Cezary Bodzianowski

The performances of Cezary Bodzianowski differ from both the analytical performative work of 1970s Poland, and from 1990s-era Polish performance, which, in a different economic and political context, politicized the body, creating a critical uproar from conservative media and general audiences. The artist is interested in the politics and poetics of the quotidian, and his work digs into the core of those structures of experience that usually remain unquestioned as seemingly objective, shared conditions of reality.

Bodzianowski’s performative work was often referred to as one-actor theater for an audience consisting of just a happy few. His actions in public and private spaces are pitched as syncopated interruptions against the workflows that fill our days. Useless and disinterested, they put in question the capitalist economy of time as a sequence of available and quantifiable units that can be dealt with in a similar way to units of matter. Trying to keep time in a liquid, mercury-like state, Bodzianowski directs his attention to the privileged, isolated, and staged moments of non-acting, refusing to work—in opposition to the barely visible but all-pervading exploitation that we are all subjected to in the economic and political conditions of today. His time-based pieces open a stasis, a moment when the world goes out of joint; a temporary alternative that acts upon us with the force of metaphor in order to change the way we live and perceive things.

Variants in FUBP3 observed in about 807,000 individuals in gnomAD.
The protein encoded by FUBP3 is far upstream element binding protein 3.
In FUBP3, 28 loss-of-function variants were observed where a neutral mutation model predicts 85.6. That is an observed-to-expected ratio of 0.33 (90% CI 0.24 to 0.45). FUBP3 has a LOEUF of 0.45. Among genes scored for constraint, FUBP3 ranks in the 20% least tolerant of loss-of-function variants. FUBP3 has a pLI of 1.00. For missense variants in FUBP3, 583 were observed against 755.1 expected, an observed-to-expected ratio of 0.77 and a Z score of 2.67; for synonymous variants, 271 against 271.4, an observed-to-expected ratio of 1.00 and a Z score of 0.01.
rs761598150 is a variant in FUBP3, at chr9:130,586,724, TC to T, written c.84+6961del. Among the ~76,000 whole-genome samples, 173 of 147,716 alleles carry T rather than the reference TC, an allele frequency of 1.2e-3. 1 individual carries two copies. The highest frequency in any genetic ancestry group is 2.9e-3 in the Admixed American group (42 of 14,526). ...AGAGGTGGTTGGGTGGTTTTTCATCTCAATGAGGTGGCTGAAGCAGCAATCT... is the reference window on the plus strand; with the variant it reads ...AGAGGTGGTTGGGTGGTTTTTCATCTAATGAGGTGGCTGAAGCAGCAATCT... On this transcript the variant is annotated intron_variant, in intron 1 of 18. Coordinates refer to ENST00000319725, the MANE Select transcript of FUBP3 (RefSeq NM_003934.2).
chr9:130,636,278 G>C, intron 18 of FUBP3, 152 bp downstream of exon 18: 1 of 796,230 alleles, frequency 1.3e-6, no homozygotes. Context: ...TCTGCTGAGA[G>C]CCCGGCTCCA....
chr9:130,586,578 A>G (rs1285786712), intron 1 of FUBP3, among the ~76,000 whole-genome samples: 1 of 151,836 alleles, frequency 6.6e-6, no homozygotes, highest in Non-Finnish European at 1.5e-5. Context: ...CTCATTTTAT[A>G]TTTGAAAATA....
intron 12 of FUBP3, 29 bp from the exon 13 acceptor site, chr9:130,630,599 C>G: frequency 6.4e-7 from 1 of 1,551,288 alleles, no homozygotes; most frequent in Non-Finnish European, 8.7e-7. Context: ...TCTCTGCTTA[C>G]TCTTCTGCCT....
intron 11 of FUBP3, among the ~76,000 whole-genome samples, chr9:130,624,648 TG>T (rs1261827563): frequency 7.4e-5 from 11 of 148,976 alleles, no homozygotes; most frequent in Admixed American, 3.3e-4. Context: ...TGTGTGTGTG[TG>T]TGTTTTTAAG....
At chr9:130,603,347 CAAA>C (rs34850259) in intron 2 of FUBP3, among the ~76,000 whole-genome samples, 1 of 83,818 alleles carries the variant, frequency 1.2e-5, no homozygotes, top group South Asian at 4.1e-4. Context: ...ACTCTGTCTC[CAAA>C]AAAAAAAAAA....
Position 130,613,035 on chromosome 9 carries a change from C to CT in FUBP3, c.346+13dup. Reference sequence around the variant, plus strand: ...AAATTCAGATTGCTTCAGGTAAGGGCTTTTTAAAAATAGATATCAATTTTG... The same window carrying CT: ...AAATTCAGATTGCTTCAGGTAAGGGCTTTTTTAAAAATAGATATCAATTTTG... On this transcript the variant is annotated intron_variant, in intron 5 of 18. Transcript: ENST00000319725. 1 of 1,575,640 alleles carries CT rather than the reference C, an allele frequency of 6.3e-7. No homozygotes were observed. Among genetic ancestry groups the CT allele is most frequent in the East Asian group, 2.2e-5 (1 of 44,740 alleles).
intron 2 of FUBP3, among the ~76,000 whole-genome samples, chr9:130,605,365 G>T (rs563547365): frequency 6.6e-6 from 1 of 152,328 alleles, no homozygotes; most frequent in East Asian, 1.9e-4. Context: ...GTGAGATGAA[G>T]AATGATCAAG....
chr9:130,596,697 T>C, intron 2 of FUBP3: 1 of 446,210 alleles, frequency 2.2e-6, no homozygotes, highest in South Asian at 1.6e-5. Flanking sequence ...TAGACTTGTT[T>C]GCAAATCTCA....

One of Bodzianowski’s preferred techniques in performance is that of staged willful surrendering or controlled co-option—an act of full, chameleon-like compliance with any proposed set of rules, which the artist follows, imitates, and pushes to extreme. His radical obedience becomes an attempt at resistance.

As his work is defiantly ephemeral, Bodzianowski decided to use photography and video as a means of constructing memories of things that his audience has never been given a chance to see happening live. Photographs and video recordings, which are usually taken by Monika Chojnicka, the artist’s long-time partner and collaborator, are not conceived as evidence of live actions. On the contrary, they provide a starting point for a discussion of the work’s meaning and content. Rather than proving the work’s status as something that exists or existed before, the still and moving images open a way to the work’s possible future.



1968, Łódź / PL


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Courtesy Foksal Gallery Foundation, Warsaw, Photo: Monika Chojnicka
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